Do you weigh more in Melbourne or Canberra? How much does your weight change as you travel across the country? How much does the earth weigh?
Later this morning we’re launching a national experiment with 2011 physics Nobel Laureate, Professor Brian Schmidt, and year nine students at Albert Park College in Melbourne.
They’ll discover how much the Earth weighs and also that as you travel across Australia your weight changes (just a bit). Over the year, the Australian Institute of Physics hopes to involve thousands of people around the country as part of their 50th anniversary.
Also in this bulletin:
- Roller coasters and the Roulettes – the physics of Luna Park
- The end of absolute poverty – Gates Foundation leader vising Australia
- The killer on our doorstep – World TB Day, 24 March
- Bringing science to pubs from Hobart to Broome
- “Star-Craving Mad” launches
Today: Weighing the Earth with a Nobel Laureate
Australia’s 2011 physics Nobel Laureate, Professor Brian Schmidt, will launch a national physics experiment on Friday at a Melbourne high school.
The experiment is called ‘The BIG little g project’ and is open to people around Australia to participate—all you need is a home-made pendulum, a tape measure and a stop watch. You’ll measure the gravitational pull of the Earth and see how it varies across the country. We actually weigh more when we’re in Canberra. It’s not just the politics dragging us down.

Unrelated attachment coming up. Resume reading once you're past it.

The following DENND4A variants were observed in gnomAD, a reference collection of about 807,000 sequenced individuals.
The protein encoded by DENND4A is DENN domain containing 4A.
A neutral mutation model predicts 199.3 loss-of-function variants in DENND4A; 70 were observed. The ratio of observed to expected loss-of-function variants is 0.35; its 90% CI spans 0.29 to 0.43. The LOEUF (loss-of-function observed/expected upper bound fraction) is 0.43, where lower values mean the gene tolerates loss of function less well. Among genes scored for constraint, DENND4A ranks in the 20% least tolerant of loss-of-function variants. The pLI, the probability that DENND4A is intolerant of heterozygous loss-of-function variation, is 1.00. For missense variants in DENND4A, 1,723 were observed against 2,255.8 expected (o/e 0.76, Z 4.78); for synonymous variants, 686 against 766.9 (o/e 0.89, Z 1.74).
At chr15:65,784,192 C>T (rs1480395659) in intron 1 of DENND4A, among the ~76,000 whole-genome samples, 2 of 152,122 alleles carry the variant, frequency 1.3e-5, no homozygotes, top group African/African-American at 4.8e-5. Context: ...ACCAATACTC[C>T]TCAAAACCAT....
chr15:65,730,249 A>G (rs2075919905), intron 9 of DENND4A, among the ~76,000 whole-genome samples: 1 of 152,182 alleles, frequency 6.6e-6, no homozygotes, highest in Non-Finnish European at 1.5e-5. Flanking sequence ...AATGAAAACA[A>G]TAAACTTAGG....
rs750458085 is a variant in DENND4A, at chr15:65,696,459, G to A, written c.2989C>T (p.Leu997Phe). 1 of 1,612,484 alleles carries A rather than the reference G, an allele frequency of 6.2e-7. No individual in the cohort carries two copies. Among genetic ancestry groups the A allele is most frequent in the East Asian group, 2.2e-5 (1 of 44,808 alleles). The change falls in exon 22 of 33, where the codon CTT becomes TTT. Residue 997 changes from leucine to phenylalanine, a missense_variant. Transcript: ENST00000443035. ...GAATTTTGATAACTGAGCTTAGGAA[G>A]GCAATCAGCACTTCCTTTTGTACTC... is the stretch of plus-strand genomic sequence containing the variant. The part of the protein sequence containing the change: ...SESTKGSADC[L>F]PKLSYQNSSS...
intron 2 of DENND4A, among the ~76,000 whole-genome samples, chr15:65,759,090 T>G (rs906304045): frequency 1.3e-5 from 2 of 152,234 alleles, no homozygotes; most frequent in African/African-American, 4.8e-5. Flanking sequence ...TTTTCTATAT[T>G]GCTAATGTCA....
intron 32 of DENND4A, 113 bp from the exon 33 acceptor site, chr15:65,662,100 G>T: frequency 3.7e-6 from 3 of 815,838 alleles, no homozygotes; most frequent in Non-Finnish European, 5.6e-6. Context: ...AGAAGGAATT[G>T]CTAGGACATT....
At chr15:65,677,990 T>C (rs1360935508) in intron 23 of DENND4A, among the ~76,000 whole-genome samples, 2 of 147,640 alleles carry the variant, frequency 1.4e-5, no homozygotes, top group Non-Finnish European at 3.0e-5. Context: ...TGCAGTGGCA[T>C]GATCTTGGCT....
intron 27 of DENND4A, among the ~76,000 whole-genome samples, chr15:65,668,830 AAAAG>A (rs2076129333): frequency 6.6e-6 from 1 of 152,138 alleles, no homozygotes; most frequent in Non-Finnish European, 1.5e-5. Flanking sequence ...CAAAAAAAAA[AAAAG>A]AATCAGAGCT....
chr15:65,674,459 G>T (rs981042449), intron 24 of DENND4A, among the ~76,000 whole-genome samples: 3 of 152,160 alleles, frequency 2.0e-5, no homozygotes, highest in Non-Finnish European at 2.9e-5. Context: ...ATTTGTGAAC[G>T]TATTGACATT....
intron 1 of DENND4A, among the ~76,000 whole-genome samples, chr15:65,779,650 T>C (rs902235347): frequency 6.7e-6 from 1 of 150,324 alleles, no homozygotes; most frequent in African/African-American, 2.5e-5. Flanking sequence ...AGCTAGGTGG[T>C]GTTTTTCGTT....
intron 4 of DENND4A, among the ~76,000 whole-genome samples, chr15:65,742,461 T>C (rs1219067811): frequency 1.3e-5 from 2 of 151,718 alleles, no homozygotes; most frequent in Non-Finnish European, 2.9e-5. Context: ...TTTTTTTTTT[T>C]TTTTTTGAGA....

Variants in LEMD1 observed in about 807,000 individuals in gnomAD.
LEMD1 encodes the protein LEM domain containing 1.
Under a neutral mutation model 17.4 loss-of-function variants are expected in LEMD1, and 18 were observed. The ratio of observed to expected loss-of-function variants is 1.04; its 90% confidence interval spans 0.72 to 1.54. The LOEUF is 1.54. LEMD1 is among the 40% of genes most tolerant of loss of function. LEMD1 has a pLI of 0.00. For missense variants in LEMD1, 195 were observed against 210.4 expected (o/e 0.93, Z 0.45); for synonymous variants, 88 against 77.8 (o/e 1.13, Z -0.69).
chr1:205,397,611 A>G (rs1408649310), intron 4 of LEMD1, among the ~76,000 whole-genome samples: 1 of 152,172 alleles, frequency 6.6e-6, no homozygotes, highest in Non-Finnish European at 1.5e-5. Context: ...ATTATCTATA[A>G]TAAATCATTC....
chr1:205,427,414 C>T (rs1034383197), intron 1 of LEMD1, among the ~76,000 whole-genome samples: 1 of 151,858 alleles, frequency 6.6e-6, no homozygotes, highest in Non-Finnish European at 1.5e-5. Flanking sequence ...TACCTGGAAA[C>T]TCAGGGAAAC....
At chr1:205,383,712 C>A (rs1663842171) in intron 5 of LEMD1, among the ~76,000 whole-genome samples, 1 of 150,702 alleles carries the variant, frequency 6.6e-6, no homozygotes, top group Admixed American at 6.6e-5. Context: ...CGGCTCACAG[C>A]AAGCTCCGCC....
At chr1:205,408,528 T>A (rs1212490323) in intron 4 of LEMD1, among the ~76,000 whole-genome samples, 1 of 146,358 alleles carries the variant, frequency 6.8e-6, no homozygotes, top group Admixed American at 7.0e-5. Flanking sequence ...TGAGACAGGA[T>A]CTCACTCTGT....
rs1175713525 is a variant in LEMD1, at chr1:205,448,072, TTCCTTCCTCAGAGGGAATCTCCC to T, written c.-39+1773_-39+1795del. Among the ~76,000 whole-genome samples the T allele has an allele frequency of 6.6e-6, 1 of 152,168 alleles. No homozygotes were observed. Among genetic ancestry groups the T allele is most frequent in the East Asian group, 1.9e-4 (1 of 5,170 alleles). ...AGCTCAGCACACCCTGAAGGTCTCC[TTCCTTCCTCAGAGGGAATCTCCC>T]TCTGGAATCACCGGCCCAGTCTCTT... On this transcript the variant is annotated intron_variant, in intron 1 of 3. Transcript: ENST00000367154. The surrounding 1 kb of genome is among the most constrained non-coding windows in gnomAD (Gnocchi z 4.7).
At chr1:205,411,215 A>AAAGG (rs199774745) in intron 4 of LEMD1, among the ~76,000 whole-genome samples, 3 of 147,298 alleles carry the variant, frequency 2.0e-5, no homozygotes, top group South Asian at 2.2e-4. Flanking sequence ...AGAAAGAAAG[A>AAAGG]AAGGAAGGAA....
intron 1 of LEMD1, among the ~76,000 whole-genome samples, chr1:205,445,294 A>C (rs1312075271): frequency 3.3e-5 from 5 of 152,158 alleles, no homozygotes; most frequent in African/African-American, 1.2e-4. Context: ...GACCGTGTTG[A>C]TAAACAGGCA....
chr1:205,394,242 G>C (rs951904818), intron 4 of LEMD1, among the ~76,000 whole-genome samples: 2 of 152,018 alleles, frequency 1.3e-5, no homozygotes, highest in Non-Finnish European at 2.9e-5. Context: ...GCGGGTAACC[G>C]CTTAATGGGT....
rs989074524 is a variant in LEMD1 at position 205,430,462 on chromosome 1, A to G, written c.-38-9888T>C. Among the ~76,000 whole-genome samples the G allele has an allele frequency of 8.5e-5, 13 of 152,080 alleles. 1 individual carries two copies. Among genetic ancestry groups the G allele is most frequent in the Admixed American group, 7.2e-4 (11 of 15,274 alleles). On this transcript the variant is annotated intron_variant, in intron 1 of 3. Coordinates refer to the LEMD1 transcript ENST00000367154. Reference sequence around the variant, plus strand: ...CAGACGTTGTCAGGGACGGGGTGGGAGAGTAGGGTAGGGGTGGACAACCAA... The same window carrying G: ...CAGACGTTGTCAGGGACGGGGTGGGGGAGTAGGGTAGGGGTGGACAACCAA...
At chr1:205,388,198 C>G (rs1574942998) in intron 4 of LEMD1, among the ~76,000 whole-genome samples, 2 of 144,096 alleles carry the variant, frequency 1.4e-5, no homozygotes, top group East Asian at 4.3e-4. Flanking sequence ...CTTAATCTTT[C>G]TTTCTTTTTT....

Associate Professor Andrew Greentree, Vice-Chancellor’s Senior Fellow at RMIT in Melbourne will compile the data to build a map of Australia’s gravitational field that in some areas will be more sensitive than current maps. “The most sensitive maps of little g are made with NASA satellites,” says Andrew. “They get down to a resolution of around 100km, but we’d like to measure Earth’s gravitational field to resolutions of around 100m”.
Launch: 9 am, Friday 1 March 2013
Albert Park College, 83 Danks St, Albert Park, Vic
For interviews or to arrange to attend, contact:
Margie Beilharz, Science in Public, 0415 448 065, email@example.com
Full media release at http://www.scienceinpublic.com.au/media-releases/weighing-the-earth
More information on the BIG little g project is at www.aip.org.au/littleg
Tuesday: Roller coasters and the Roulettes – the physics of Luna Park
What makes Luna Park thrilling?
Momentum, g-forces, inertia, gravity: physics.
Thousands of Melbourne school students will head to Melbourne’s Luna Park next week for an intense introduction to practical physics.
Armed with data-loggers they’ll track the forces across the rides and work out what forces guarantee a thrilling experience.
The RAAF’s elite formation aerobatic display team, the Roulettes, will also perform above St Kilda Beach on Wednesday.